Economics should be reinvented to rest atop the whole of social science (which in turn rests atop natural science), so that externalities to the equations do not manifest themselves in the destruction of our environment, culture, and health. Instead, economists lay claim to a fundamental position in the realm of scientific inquiry, which bypasses the whole of human knowledge and thus results in the problems we see before us now.
Rob
jimtimmy
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11/3/2011 7:51:50 AM
Posted: 5 years ago
At 11/3/2011 7:48:47 AM, Lasagna wrote:
At 11/3/2011 7:30:01 AM, jimtimmy wrote:
At 11/3/2011 7:27:15 AM, Lasagna wrote:
At 11/3/2011 7:13:09 AM, jimtimmy wrote:
At 11/3/2011 6:29:56 AM, Lasagna wrote:
Capitalism: a form of welfare in which the rich are paid for not working.

Did I leave anything out?

Ya, you left out the part where you understood anything about basic economics

As far as I can tell, basic economics starts with throwing out all other scientific disciplines.

No...

Oh, you' be surprised actually. The more you learn about physics, philosophy, ecology, sociology, and psychology, the more dissonance you will notice in theories of economics. Take the chap at the beginning of the thread who took comfort knowing that voluntarism was reinforced by capitalist tenets. Has he thought through what "voluntary" actually means to a psychologist? Of course not. Do economists defer to ecologists on issues of natural resources? Or sociologists concerning the mental health of the community regarding their products? Does McDonalds consult the medical community to help fashion its extra malue menu?

Not true... You act as if economic theories are somehow incompatible with modern science... an abdsurdly wrong statement

Economics should be reinvented to rest atop the whole of social science (which in turn rests atop natural science), so that externalities to the equations do not manifest themselves in the destruction of our environment, culture, and health. Instead, economists lay claim to a fundamental position in the realm of scientific inquiry, which bypasses the whole of human knowledge and thus results in the problems we see before us now.

Should economic theories come to support more socialistic ideas?
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Lasagna
Posts: 2,440
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11/3/2011 8:12:10 AM
Posted: 5 years ago
At 11/3/2011 7:51:50 AM, jimtimmy wrote:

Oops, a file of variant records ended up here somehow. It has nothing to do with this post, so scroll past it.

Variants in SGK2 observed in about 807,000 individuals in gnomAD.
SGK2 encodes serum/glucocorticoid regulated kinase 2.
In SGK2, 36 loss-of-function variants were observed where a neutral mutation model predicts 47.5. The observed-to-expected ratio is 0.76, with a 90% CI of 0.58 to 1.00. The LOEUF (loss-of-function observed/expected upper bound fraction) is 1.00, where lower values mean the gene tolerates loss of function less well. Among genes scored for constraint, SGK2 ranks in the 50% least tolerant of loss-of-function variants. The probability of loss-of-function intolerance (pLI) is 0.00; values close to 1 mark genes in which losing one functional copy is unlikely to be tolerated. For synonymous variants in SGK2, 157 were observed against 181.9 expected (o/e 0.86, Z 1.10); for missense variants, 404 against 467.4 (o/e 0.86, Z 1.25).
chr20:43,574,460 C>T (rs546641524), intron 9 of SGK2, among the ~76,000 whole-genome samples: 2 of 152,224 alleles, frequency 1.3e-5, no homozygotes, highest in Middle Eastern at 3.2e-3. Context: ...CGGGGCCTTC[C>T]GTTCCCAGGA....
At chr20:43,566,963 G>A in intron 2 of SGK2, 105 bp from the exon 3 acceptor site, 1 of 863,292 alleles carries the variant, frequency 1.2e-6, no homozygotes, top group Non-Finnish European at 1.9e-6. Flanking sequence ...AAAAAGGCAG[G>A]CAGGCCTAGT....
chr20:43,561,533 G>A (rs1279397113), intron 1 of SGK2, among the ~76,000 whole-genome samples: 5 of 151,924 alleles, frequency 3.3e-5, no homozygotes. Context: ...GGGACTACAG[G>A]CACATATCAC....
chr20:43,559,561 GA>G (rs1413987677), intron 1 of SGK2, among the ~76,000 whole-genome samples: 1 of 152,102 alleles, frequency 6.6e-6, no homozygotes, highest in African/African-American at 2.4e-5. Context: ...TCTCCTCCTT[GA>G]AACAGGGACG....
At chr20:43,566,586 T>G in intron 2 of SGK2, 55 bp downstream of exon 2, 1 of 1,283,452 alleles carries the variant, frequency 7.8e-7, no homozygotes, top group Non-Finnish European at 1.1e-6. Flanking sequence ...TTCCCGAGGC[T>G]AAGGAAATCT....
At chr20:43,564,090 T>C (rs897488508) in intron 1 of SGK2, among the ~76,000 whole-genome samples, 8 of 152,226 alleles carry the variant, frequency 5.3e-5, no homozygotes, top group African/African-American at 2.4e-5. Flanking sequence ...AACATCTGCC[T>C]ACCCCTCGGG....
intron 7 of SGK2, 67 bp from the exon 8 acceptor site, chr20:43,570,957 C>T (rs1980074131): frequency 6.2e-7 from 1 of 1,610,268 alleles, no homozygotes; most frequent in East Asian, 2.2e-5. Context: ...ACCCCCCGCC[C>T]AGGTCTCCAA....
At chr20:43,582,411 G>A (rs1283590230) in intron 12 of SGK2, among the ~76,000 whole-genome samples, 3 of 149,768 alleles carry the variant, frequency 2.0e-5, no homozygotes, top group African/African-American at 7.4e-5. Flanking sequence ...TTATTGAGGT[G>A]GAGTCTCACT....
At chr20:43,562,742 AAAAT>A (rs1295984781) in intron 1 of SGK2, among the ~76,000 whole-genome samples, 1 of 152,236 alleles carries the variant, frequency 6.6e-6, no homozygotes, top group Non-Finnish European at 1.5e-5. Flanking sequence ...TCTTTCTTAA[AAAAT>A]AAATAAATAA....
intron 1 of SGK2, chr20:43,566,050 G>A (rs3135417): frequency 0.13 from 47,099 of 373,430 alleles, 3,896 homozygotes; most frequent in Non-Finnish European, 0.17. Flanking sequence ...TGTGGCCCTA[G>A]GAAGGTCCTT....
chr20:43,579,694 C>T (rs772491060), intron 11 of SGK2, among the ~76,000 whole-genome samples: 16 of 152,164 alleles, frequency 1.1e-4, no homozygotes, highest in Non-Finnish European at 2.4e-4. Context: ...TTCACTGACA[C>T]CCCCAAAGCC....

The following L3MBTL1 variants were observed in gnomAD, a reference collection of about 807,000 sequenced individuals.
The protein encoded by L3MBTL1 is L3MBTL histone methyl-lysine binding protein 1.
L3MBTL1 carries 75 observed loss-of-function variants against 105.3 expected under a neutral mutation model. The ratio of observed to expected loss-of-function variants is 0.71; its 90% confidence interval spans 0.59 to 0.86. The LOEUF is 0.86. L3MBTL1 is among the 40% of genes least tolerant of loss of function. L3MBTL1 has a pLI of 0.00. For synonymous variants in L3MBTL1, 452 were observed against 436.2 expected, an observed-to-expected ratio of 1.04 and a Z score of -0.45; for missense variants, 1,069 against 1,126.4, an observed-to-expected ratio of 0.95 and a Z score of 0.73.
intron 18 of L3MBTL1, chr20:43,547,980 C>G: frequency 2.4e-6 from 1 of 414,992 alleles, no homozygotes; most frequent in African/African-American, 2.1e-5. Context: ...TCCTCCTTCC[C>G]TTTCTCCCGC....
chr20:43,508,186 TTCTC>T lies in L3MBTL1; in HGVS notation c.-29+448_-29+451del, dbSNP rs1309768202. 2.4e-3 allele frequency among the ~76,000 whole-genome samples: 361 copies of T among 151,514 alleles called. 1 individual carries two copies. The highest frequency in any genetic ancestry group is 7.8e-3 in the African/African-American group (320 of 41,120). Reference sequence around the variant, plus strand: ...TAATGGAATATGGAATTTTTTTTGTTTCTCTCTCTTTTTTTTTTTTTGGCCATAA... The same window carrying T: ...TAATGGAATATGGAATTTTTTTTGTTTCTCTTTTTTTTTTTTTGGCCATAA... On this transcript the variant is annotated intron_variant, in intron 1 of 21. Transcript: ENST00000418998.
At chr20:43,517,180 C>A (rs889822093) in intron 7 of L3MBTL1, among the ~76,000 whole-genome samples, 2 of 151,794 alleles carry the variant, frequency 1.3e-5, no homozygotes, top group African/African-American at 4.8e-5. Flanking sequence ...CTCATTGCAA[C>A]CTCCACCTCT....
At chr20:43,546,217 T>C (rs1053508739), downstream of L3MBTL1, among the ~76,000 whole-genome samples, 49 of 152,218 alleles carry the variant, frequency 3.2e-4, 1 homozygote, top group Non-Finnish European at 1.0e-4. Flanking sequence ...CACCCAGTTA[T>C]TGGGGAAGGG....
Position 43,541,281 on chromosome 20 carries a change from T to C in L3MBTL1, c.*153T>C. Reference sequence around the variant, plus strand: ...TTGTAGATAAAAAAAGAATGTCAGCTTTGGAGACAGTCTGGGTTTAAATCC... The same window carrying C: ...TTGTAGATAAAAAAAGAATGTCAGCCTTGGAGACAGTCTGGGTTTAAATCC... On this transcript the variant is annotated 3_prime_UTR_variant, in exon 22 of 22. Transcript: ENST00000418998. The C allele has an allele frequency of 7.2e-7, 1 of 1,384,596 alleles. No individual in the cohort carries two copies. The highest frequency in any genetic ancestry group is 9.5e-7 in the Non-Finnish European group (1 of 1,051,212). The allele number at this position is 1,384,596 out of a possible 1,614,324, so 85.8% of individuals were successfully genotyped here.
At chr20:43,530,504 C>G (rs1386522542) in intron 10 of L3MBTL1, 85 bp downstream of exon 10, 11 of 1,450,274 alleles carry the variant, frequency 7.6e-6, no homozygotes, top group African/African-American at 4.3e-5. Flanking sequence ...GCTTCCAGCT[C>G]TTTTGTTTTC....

At 11/3/2011 7:48:47 AM, Lasagna wrote:
At 11/3/2011 7:30:01 AM, jimtimmy wrote:
At 11/3/2011 7:27:15 AM, Lasagna wrote:
At 11/3/2011 7:13:09 AM, jimtimmy wrote:
At 11/3/2011 6:29:56 AM, Lasagna wrote:
Capitalism: a form of welfare in which the rich are paid for not working.

Did I leave anything out?

Ya, you left out the part where you understood anything about basic economics

As far as I can tell, basic economics starts with throwing out all other scientific disciplines.

No...

Oh, you' be surprised actually. The more you learn about physics, philosophy, ecology, sociology, and psychology, the more dissonance you will notice in theories of economics. Take the chap at the beginning of the thread who took comfort knowing that voluntarism was reinforced by capitalist tenets. Has he thought through what "voluntary" actually means to a psychologist? Of course not. Do economists defer to ecologists on issues of natural resources? Or sociologists concerning the mental health of the community regarding their products? Does McDonalds consult the medical community to help fashion its extra malue menu?

Not true... You act as if economic theories are somehow incompatible with modern science... an abdsurdly wrong statement

They are indeed incompatable. Economics does intimately embrace technology - for obvious reasons - but this is the exception.


Economics should be reinvented to rest atop the whole of social science (which in turn rests atop natural science), so that externalities to the equations do not manifest themselves in the destruction of our environment, culture, and health. Instead, economists lay claim to a fundamental position in the realm of scientific inquiry, which bypasses the whole of human knowledge and thus results in the problems we see before us now.

Should economic theories come to support more socialistic ideas?

I don't know.
Rob
badger
Posts: 11,793
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11/3/2011 8:48:47 AM
Posted: 5 years ago
i've got a definition! i think of it as how we've thrown a whole load of magical property representing coins over our shoulders and let war be had by the masses for them. and then governments are things we set up to try to regulate that money war in places. i'd think it clear the reason they're generally a joke.

capitalism = war.
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badger
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11/3/2011 8:58:22 AM
Posted: 5 years ago
At 11/3/2011 8:48:47 AM, badger wrote:
i've got a definition! i think of it as how we've thrown a whole load of magical property representing coins over our shoulders and let war be had by the masses for them. and then governments are things we set up to try to regulate that money war in places. i'd think it clear the reason they're generally a joke.